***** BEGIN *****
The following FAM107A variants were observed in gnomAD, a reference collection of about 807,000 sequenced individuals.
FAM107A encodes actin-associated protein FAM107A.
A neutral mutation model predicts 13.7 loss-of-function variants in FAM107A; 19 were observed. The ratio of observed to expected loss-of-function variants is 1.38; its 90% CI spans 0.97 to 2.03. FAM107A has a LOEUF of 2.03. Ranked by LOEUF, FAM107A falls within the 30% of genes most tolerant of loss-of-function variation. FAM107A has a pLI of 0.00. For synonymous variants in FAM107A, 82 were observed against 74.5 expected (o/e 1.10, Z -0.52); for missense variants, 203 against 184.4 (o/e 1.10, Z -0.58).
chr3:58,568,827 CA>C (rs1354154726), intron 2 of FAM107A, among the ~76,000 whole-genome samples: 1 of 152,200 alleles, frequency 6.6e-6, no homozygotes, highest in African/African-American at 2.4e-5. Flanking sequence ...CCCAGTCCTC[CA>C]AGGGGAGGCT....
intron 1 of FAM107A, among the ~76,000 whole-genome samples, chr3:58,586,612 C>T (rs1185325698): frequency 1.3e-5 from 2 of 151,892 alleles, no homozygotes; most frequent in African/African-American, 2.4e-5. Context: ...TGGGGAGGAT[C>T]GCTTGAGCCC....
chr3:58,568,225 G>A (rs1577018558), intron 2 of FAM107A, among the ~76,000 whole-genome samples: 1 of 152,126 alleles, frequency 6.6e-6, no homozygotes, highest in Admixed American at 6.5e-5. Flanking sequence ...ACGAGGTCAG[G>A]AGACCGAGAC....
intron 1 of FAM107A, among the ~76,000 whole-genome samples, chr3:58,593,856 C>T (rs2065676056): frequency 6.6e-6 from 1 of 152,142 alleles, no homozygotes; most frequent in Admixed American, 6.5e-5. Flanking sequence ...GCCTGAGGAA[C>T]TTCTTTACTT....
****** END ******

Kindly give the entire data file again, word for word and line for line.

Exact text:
The following FAM107A variants were observed in gnomAD, a reference collection of about 807,000 sequenced individuals.
FAM107A encodes actin-associated protein FAM107A.
A neutral mutation model predicts 13.7 loss-of-function variants in FAM107A; 19 were observed. The ratio of observed to expected loss-of-function variants is 1.38; its 90% CI spans 0.97 to 2.03. FAM107A has a LOEUF of 2.03. Ranked by LOEUF, FAM107A falls within the 30% of genes most tolerant of loss-of-function variation. FAM107A has a pLI of 0.00. For synonymous variants in FAM107A, 82 were observed against 74.5 expected (o/e 1.10, Z -0.52); for missense variants, 203 against 184.4 (o/e 1.10, Z -0.58).
chr3:58,568,827 CA>C (rs1354154726), intron 2 of FAM107A, among the ~76,000 whole-genome samples: 1 of 152,200 alleles, frequency 6.6e-6, no homozygotes, highest in African/African-American at 2.4e-5. Flanking sequence ...CCCAGTCCTC[CA>C]AGGGGAGGCT....
intron 1 of FAM107A, among the ~76,000 whole-genome samples, chr3:58,586,612 C>T (rs1185325698): frequency 1.3e-5 from 2 of 151,892 alleles, no homozygotes; most frequent in African/African-American, 2.4e-5. Context: ...TGGGGAGGAT[C>T]GCTTGAGCCC....
chr3:58,568,225 G>A (rs1577018558), intron 2 of FAM107A, among the ~76,000 whole-genome samples: 1 of 152,126 alleles, frequency 6.6e-6, no homozygotes, highest in Admixed American at 6.5e-5. Flanking sequence ...ACGAGGTCAG[G>A]AGACCGAGAC....
intron 1 of FAM107A, among the ~76,000 whole-genome samples, chr3:58,593,856 C>T (rs2065676056): frequency 6.6e-6 from 1 of 152,142 alleles, no homozygotes; most frequent in Admixed American, 6.5e-5. Flanking sequence ...GCCTGAGGAA[C>T]TTCTTTACTT....